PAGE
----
Infrared Training Center

Tuesday, February 18, 2014

Infrared Everywhere, Even Where It’s Cold

During a recent visit to Waterville Valley, New Hampshire, I had the chance to capture some thermal video of snowmaking operations at their new tubing facility. The year-round resort, located about 90-minutes north of ITC’s Boston-Regional Training Center, is a popular ski and snowboarding destination in New England. It’s been a pretty good year for natural snow here in the northeast, but even then many resorts still rely on artificial snowmaking to help supplement what Mother Nature provides.

The air temperature was only about 10˚F (-12˚C) in this situation. Given the conditions, the water supply ends up looking quite a bit warmer relative to the surrounding environment.  This gives it the appearance of being warm when it’s really not.  That’s because the upper span limit of my imager was set to approximately 25˚F (-4˚C).  Anything near that threshold shows up as yellow or white “hot” on the color scale in the thermal video.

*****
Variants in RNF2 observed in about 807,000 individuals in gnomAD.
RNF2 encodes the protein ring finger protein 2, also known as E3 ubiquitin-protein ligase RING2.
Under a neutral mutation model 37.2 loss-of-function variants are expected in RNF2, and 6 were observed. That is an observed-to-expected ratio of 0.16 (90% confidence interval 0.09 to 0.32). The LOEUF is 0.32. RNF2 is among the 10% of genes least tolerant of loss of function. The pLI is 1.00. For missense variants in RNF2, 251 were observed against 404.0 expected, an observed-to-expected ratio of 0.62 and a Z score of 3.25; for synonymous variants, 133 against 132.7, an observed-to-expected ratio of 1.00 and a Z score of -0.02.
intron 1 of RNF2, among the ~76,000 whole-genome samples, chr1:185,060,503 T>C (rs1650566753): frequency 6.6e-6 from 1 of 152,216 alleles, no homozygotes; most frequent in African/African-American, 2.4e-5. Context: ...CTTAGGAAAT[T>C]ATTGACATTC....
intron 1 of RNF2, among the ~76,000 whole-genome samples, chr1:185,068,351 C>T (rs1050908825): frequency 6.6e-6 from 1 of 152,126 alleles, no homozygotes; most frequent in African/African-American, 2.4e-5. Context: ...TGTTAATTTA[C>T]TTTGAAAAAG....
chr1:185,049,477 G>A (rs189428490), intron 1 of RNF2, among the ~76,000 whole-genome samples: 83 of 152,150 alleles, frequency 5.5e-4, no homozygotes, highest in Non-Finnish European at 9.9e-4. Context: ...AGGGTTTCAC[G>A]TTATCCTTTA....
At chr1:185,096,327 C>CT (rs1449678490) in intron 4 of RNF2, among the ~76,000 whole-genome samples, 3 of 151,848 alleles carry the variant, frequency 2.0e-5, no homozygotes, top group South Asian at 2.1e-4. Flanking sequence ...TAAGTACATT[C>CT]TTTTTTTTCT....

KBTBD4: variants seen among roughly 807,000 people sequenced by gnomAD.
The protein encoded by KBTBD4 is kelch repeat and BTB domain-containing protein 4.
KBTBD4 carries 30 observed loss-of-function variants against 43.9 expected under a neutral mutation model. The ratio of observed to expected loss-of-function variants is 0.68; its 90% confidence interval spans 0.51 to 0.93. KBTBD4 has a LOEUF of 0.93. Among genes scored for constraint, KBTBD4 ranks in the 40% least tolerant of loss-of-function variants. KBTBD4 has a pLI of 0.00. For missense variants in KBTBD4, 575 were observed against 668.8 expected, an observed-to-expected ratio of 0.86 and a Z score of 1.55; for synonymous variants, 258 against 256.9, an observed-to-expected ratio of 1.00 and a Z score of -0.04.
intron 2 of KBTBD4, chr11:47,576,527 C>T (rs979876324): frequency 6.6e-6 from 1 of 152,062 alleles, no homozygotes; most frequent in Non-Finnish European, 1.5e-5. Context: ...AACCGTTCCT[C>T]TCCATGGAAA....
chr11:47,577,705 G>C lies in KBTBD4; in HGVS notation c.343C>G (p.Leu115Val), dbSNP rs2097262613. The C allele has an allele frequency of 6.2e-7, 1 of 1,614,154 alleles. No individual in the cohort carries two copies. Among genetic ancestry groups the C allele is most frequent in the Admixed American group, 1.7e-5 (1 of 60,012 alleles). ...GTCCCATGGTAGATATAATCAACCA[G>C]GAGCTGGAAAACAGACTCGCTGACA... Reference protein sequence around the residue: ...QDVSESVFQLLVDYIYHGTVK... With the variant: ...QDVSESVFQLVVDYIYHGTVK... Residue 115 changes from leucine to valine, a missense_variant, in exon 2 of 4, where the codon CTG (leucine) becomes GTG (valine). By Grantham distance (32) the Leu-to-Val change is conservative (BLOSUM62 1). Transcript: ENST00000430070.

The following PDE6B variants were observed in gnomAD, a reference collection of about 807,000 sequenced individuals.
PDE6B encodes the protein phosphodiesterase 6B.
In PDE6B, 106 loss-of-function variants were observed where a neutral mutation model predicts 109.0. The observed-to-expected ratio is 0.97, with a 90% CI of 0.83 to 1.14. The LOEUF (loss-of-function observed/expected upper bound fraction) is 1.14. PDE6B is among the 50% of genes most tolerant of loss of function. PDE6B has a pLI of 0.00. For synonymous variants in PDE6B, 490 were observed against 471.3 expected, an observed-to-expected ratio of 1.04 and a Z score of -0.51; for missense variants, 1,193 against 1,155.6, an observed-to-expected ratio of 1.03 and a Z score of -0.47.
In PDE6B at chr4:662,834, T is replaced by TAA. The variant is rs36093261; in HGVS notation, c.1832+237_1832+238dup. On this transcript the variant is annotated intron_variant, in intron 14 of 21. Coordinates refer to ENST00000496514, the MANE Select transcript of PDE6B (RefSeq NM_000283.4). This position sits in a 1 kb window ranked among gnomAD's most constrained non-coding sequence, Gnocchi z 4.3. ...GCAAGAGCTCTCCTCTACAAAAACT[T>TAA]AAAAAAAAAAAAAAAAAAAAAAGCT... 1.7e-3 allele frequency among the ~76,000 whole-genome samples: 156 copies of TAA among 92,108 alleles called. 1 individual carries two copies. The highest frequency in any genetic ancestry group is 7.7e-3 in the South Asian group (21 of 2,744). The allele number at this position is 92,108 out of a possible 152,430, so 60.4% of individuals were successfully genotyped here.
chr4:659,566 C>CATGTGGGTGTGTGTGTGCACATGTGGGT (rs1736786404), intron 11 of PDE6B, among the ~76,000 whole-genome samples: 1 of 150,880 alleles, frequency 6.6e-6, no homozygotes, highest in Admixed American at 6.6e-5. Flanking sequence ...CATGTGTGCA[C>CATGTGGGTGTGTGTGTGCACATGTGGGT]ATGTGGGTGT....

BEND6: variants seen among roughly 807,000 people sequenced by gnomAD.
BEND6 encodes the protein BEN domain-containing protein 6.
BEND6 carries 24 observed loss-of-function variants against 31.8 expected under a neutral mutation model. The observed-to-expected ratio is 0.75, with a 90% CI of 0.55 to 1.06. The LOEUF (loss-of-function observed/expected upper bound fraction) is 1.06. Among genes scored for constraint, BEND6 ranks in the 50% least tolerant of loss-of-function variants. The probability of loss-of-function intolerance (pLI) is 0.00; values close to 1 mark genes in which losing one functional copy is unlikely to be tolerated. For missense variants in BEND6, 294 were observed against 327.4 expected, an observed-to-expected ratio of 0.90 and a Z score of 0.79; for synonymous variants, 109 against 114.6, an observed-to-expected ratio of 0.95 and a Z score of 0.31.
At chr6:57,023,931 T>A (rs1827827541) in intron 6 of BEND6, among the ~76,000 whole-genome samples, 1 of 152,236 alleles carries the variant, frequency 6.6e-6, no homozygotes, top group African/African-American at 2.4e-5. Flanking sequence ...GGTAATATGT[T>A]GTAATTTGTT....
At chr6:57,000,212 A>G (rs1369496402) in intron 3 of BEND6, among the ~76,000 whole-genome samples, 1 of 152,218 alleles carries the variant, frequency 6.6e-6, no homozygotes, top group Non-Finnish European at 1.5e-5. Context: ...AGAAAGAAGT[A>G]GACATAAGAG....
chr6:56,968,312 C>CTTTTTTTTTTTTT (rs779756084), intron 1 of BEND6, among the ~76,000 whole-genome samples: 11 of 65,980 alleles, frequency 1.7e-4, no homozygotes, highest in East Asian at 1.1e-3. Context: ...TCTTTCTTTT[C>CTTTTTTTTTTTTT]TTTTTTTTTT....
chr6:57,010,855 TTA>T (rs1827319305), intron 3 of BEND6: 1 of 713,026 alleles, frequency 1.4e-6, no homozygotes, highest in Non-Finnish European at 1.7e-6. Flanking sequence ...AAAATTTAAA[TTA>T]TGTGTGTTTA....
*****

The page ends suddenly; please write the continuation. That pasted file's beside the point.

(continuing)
It’s a great reminder as to why thermographers should check their scale (i.e. span/level) and color palette settings when using an infrared camera, regardless of the application. Just because something may look hot, that isn’t necessarily the case.

Now snowmaking is obviously a process that is thermally dependent on the weather.  It has to be cold, but did you know that ski resorts can still make snow if the air temperature is slightly above freezing? According to a fact sheet provided by the Waterville Valley Resort, all it takes is the right mixture of air and water combined with very low humidity.

In addition to the fan-type unit seen in this video, the resort also uses compressed air snow guns that throw out a specific mixture of pressurized air and water. We all know what happens to the temperature of air, however, when it’s compressed and in this process it can get as hot as 200˚F (93˚C); far too warm for what’s needed.  As such, it first needs to be cooled to about 48˚F (@9˚C) and then loses an additional 10˚F (@5.5˚C) as it’s distributed up the mountain through a network of piping that runs adjacent to the water supply lines.

Of course there is a lot more to the operation including the electrical systems, motors, and pumps, plus the dedicated snowmaking crew which runs it all. Combine that with what needs to happen thermally and it’s pretty amazing to think about what goes in to making something as simple as snow.

- Matt Schwoegler, ITC

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